Winding Oak's Bookology Magazine

Curiouser and Curiouser with Melissa Stewart

Pipsqueaks, Slowpokes, and StinkersThis month we’re fea­tur­ing Melis­sa Stew­art, author of sci­ence books for young read­ers and a seem­ing­ly tire­less advo­cate for read­ing non­fic­tion books, par­tic­u­lar­ly expos­i­to­ry non­fic­tion (“5 Kinds of Non­fic­tion”). Melis­sa has writ­ten more than 180 books in her career, the first of which was pub­lished in 1998 and the most recent of which is Pipsqueaks, Slow­pokes, and Stinkers: Cel­e­brat­ing Ani­mal Under­dogs (illus­trat­ed by Stephanie Laberis, pub­lished by Peachtree Pub­lish­ers). We recent­ly put our heads togeth­er for an inter­view address­ing our curios­i­ty about Melissa’s books and her work. Pull up a chair to the table and join us!

Do you work on more than one book at a time?

Yes, I usu­al­ly work on at least a half dozen books at a time. I might be writ­ing the rough draft of one and revis­ing one or two oth­ers. I might be research­ing one, and wait­ing for research mate­ri­als for anoth­er. I could be review­ing illus­tra­tor sketch­es or check­ing lay­outs or review­ing notes from an edi­tor or copy edi­tor. There’s a lot of jug­gling. Each day, before I stop work­ing, I make a list of what I plan to work on the next day. This helps to keep me orga­nized.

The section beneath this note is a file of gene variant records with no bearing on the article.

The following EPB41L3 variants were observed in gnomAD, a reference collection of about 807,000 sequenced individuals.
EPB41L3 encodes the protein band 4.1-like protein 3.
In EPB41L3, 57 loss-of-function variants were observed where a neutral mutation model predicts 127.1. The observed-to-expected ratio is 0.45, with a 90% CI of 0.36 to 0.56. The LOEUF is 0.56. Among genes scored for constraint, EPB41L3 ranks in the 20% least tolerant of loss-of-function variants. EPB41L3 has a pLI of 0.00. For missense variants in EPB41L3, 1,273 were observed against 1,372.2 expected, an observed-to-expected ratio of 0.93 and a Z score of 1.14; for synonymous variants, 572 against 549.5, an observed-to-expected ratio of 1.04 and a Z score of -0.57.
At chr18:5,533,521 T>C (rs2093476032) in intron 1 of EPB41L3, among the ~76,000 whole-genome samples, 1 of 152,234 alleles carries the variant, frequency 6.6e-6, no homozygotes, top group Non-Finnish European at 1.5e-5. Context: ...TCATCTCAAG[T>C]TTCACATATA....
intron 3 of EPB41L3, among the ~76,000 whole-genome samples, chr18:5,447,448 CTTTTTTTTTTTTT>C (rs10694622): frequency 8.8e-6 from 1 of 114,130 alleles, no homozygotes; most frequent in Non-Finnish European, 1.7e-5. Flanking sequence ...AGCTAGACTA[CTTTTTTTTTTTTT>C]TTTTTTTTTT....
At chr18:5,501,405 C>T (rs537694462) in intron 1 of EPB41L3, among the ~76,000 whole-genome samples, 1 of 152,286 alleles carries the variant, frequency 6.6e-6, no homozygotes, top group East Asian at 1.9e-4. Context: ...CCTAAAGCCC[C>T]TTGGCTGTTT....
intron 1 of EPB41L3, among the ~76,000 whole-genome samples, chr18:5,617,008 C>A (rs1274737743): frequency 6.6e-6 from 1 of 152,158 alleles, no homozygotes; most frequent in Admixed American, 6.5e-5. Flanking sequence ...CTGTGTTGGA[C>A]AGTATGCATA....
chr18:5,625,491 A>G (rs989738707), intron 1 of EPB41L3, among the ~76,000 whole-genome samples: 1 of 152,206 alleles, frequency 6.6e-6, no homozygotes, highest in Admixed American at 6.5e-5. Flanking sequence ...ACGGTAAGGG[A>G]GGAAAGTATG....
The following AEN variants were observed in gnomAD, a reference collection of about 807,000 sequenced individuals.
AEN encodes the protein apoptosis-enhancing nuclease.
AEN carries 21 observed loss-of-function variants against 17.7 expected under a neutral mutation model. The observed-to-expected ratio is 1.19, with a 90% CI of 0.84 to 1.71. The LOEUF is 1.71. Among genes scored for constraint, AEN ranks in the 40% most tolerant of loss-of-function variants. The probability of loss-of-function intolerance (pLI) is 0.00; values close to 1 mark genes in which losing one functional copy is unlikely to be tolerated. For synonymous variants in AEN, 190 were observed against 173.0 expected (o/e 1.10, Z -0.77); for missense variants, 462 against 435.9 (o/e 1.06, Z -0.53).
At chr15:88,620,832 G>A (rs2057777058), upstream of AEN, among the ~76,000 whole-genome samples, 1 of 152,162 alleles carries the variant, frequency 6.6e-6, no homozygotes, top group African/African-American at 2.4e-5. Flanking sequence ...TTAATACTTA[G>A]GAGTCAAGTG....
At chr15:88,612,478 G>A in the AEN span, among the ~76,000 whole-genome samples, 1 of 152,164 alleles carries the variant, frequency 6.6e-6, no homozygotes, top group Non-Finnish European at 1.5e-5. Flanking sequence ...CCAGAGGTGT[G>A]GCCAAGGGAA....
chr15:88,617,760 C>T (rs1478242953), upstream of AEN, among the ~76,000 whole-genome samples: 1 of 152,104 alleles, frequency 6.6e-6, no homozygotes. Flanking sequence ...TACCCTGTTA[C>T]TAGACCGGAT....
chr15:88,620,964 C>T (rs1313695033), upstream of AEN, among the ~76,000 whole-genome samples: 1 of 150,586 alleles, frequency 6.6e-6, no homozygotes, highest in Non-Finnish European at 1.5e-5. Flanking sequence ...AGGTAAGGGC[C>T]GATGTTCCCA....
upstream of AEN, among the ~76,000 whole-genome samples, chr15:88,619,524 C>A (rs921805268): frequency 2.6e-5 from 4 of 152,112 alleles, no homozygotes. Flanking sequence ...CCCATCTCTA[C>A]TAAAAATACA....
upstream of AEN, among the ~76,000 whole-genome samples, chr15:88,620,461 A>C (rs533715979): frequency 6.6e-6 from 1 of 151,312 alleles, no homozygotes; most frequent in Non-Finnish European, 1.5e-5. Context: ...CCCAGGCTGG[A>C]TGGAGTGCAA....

Melissa Stewart

Melis­sa Stew­art

You work on many dif­fer­ent types of books with­in the pletho­ra of knowl­edge about our nat­ur­al world. How do you clear your head to work on a joke book after you’ve writ­ten about the droughts in our world?

Some­times it’s a strug­gle, espe­cial­ly when I need to shift gears between writ­ing with a live­ly, humor­ous voice and a more lyri­cal voice. If my voice is off, I stop writ­ing and start read­ing to get in the right mind­set. It’s sort of like cleans­ing my palate with sor­bet or pick­led gin­ger between dif­fer­ent cours­es of a meal.

You write for a vari­ety of pub­lish­ers includ­ing Peachtree Pub­lish­ers, Nation­al Geo­graph­ic Kids, Beach Lane Books, and Harper­Collins. Do you pitch your ideas to these com­pa­nies or do they come to you with ideas for the books they’d like?